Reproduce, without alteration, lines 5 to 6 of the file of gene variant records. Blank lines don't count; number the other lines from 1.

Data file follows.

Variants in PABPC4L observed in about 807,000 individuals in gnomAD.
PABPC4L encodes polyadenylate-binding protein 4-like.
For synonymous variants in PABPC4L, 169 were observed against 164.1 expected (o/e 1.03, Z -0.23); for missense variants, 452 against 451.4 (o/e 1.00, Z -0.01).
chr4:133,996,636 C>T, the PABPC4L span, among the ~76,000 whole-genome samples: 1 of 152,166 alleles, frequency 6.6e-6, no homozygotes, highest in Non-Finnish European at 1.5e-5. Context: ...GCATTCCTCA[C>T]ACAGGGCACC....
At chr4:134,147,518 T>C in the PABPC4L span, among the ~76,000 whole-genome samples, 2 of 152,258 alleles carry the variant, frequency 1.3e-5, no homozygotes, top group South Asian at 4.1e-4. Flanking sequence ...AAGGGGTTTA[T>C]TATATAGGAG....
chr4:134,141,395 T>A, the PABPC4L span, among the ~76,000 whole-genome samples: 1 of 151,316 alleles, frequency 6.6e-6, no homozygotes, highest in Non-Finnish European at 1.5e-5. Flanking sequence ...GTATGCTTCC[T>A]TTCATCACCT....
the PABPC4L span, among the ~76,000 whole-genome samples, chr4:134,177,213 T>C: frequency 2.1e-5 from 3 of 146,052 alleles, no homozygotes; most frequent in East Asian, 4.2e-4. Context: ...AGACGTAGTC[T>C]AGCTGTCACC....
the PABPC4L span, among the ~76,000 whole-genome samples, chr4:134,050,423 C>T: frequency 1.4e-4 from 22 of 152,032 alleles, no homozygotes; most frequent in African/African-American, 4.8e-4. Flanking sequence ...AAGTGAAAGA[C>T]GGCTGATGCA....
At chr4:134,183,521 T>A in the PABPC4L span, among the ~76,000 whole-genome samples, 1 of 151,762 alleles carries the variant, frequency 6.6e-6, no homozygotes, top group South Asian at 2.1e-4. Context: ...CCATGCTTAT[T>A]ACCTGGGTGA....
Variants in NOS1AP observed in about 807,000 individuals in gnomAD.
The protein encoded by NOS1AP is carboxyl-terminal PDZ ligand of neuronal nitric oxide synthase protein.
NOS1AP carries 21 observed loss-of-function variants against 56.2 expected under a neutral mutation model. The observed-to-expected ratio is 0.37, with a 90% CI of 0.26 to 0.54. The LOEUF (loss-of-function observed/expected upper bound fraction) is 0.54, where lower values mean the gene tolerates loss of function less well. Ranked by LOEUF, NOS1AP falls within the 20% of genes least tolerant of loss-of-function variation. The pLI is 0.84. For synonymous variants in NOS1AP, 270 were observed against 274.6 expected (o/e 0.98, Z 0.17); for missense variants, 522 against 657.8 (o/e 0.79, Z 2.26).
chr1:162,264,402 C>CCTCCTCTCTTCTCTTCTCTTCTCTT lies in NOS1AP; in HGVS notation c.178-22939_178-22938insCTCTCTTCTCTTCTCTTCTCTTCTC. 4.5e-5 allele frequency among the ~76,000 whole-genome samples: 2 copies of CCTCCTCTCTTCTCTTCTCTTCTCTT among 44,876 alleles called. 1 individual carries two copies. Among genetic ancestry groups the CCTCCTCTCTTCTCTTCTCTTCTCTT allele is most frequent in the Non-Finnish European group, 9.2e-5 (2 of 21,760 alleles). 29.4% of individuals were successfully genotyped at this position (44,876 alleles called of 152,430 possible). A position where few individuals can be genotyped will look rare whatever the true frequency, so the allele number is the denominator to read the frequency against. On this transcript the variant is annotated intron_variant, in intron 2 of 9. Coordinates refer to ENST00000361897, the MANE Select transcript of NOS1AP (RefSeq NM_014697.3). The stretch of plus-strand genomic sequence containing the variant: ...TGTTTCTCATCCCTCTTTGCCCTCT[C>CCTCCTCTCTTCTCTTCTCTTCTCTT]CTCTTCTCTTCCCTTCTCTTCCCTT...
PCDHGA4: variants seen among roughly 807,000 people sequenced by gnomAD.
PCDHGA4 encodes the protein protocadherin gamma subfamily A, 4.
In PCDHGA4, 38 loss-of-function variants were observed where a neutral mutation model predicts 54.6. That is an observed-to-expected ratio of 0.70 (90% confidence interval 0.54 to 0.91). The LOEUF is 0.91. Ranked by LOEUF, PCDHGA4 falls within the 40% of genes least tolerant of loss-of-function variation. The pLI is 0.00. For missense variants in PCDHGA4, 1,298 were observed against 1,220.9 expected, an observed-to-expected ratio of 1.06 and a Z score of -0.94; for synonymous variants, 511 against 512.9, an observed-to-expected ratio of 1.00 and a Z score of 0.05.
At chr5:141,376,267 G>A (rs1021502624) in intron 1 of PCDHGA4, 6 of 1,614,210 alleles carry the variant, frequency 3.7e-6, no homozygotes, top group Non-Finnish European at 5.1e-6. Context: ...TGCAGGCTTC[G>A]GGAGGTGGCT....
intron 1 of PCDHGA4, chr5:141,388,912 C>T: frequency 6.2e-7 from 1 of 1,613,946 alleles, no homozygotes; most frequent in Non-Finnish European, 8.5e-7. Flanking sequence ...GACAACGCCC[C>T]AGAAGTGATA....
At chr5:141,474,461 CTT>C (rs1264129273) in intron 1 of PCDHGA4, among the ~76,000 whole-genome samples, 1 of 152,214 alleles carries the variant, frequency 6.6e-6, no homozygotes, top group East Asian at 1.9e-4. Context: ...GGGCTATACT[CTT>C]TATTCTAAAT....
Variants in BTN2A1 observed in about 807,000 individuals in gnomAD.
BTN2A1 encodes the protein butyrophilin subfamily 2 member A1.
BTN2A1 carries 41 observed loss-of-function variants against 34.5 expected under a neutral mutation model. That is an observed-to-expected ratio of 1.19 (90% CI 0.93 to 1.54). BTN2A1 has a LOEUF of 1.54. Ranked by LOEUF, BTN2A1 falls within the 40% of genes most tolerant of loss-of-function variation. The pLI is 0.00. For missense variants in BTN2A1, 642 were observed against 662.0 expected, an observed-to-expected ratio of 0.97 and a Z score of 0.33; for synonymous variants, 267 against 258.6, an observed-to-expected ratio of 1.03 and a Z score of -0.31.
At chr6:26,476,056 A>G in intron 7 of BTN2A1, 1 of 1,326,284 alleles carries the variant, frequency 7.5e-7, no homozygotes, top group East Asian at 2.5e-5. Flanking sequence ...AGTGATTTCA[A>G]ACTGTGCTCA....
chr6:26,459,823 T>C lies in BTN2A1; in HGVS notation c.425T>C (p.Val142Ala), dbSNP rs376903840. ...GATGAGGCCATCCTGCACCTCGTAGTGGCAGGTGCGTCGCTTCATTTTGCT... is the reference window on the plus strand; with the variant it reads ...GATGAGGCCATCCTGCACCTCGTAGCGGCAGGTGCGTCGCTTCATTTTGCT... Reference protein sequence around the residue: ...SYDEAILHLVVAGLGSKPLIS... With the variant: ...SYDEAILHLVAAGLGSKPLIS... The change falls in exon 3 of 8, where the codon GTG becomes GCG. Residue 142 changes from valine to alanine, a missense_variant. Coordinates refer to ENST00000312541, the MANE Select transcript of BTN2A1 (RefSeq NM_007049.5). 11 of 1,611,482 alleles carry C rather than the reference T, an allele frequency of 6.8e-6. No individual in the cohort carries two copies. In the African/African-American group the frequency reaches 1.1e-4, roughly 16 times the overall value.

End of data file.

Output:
At chr4:134,147,518 T>C in the PABPC4L span, among the ~76,000 whole-genome samples, 2 of 152,258 alleles carry the variant, frequency 1.3e-5, no homozygotes, top group South Asian at 4.1e-4. Flanking sequence ...AAGGGGTTTA[T>C]TATATAGGAG....
chr4:134,141,395 T>A, the PABPC4L span, among the ~76,000 whole-genome samples: 1 of 151,316 alleles, frequency 6.6e-6, no homozygotes, highest in Non-Finnish European at 1.5e-5. Flanking sequence ...GTATGCTTCC[T>A]TTCATCACCT....